Volvo V90 R-Design 2017 review
Does Volvo's new executive V90 estate make sense in sporty R-Design spec?
The V90 is still an excellent executive estate car. It’s quick, practical and superbly built. This R-Design version is a winner in terms of looks, but it’s pricey. The stiffer suspension takes away from the Volvo’s talent as a really comfortable family car, without adding enough engagement to the driving experience to be worth the extra. Go for a cheaper Momentum and you’ll get more for your money.
Sporty R-Design spec wasn’t available when Volvo launched the S90 and V90 last year. But now bosses are offering the executive car range in the racy trim, giving a Swedish alternative to BMW’s M Sport and Mercedes’ popular AMG Line models. The V90 tested here certainly looks the part, but unlike German rivals, it’s not based on halo models like the M5 or AMG E 63, since there’s no performance version of the Volvo.
Still, the idea is the same: you get a sportier-looking exterior, in this case thanks to a black grille, a new front bumper and some flash alloys. There’s also an upgraded interior, with sports seats, a new steering wheel and special ambient lighting.
Mechanical changes comprise stiffer suspension, a lower ride height and retuned steering. They’re supposed to make the V90 better to drive, but while the steering feels more natural, the set-up isn’t very rewarding.
Car group tests
- Audi A6 Allroad vs Volvo V90 Cross Country
- Jaguar XF Sportbrake vs BMW 5 Series Touring vs Volvo V90
- BMW 5 Series Touring vs Mercedes E-Class Estate vs Volvo V90
The standard estate impresses by being really comfortable without sacrificing too much driver enjoyment. And although the R-Design offers marginally less body roll in corners, ride quality is compromised too much; it’s not uncomfortable, but we’d like the option to delete the firmer set-up.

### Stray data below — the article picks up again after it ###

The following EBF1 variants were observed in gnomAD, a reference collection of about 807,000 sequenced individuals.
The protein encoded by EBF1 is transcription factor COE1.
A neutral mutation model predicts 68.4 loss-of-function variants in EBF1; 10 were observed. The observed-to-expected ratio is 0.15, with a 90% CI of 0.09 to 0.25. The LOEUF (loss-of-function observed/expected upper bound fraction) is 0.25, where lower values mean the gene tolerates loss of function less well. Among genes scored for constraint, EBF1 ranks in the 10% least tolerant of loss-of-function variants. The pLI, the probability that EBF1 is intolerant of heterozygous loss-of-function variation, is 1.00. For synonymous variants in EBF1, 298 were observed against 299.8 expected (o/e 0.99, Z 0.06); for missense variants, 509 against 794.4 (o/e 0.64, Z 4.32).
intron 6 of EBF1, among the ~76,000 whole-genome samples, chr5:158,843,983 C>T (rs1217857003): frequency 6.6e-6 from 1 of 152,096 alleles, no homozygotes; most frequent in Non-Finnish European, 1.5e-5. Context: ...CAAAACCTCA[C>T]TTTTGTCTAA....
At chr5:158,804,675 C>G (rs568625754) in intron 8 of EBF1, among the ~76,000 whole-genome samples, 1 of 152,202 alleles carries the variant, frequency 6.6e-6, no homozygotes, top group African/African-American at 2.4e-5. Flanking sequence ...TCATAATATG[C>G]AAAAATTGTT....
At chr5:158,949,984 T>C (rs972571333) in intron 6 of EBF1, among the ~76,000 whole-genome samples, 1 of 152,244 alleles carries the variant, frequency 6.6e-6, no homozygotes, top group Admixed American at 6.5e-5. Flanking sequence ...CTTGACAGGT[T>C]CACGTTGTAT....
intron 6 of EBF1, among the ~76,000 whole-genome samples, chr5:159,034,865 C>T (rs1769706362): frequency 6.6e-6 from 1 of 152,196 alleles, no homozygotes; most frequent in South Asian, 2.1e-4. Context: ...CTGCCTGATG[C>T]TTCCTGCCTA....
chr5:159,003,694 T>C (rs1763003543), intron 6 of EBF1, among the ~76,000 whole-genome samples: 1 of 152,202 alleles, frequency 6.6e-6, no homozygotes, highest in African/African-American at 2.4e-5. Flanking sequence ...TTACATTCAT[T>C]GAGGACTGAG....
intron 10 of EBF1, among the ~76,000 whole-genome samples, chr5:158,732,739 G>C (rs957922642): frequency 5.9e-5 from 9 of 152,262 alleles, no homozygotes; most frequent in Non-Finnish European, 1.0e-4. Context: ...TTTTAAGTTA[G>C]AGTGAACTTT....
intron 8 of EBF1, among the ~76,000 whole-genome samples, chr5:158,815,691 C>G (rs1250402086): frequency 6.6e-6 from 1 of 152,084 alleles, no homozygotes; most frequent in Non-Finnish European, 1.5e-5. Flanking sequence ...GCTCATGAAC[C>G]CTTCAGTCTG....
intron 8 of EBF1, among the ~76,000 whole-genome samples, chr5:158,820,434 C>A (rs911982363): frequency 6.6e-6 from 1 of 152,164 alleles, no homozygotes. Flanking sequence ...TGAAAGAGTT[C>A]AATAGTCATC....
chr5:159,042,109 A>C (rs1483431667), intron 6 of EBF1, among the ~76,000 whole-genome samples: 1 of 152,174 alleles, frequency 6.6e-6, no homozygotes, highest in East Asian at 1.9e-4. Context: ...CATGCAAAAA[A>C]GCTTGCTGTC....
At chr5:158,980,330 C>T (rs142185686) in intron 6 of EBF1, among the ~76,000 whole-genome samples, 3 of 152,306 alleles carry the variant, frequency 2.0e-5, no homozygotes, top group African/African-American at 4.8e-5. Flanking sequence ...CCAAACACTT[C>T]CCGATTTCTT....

While there’s a T8 twin-engine plug-in hybrid on the way later this year, buyers are initially limited to the economical D4 diesel and more potent D5. The D4 we drove feels fast enough, with 187bhp and 400Nm of torque, and the eight-speed auto box is a good match, shifting smoothly at all speeds.
It definitely makes more sense than the all-wheel-drive D5, especially considering the efficiency gains. For a car of this size, the D4’s 62.8mpg and 119g/km CO2 claims are pretty impressive; Volvo says the more powerful V90 does 57.6mpg and 129g/km.
The 560-litre boot (1,526 litres with the rear seats down) isn’t as big as a Mercedes E-Class Estate’s, but it’s hardly small. There’s plenty of space in the back as well, with lots of legroom, although it’s a bit dark thanks to the black headlining.
It’s also a pity the cabin design doesn’t back up the dynamic exterior styling. While everything has a high-quality feel, the tweaks are more of an alternative to than an upgrade over the high-spec Inscription. And we’d still go for the better-value Momentum version.